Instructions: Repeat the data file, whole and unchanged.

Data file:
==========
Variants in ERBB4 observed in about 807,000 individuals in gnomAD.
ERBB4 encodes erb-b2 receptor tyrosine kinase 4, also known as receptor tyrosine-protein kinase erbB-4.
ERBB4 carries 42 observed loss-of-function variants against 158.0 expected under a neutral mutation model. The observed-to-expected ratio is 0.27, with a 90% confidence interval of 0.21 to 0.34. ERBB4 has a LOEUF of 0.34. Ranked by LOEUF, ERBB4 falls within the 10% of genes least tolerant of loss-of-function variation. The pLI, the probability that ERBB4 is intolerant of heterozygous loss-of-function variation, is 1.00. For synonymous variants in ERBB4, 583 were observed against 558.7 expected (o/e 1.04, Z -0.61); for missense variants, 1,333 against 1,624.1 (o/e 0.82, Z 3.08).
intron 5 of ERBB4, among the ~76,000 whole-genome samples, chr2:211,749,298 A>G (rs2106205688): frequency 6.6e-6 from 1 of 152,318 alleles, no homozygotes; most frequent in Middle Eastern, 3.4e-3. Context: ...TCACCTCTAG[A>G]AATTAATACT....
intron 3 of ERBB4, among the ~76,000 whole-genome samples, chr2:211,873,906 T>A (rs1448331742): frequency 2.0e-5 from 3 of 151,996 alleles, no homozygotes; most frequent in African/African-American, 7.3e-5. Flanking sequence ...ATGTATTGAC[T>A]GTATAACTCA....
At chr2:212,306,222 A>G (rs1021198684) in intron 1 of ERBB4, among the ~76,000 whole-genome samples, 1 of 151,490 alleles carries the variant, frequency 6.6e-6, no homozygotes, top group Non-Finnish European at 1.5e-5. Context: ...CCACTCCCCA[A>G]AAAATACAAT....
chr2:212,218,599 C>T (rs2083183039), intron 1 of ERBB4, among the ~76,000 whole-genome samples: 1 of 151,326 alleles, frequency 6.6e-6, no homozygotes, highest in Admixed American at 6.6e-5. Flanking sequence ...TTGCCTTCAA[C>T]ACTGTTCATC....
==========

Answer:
Variants in ERBB4 observed in about 807,000 individuals in gnomAD.
ERBB4 encodes erb-b2 receptor tyrosine kinase 4, also known as receptor tyrosine-protein kinase erbB-4.
ERBB4 carries 42 observed loss-of-function variants against 158.0 expected under a neutral mutation model. The observed-to-expected ratio is 0.27, with a 90% confidence interval of 0.21 to 0.34. ERBB4 has a LOEUF of 0.34. Ranked by LOEUF, ERBB4 falls within the 10% of genes least tolerant of loss-of-function variation. The pLI, the probability that ERBB4 is intolerant of heterozygous loss-of-function variation, is 1.00. For synonymous variants in ERBB4, 583 were observed against 558.7 expected (o/e 1.04, Z -0.61); for missense variants, 1,333 against 1,624.1 (o/e 0.82, Z 3.08).
intron 5 of ERBB4, among the ~76,000 whole-genome samples, chr2:211,749,298 A>G (rs2106205688): frequency 6.6e-6 from 1 of 152,318 alleles, no homozygotes; most frequent in Middle Eastern, 3.4e-3. Context: ...TCACCTCTAG[A>G]AATTAATACT....
intron 3 of ERBB4, among the ~76,000 whole-genome samples, chr2:211,873,906 T>A (rs1448331742): frequency 2.0e-5 from 3 of 151,996 alleles, no homozygotes; most frequent in African/African-American, 7.3e-5. Flanking sequence ...ATGTATTGAC[T>A]GTATAACTCA....
At chr2:212,306,222 A>G (rs1021198684) in intron 1 of ERBB4, among the ~76,000 whole-genome samples, 1 of 151,490 alleles carries the variant, frequency 6.6e-6, no homozygotes, top group Non-Finnish European at 1.5e-5. Context: ...CCACTCCCCA[A>G]AAAATACAAT....
chr2:212,218,599 C>T (rs2083183039), intron 1 of ERBB4, among the ~76,000 whole-genome samples: 1 of 151,326 alleles, frequency 6.6e-6, no homozygotes, highest in Admixed American at 6.6e-5. Flanking sequence ...TTGCCTTCAA[C>T]ACTGTTCATC....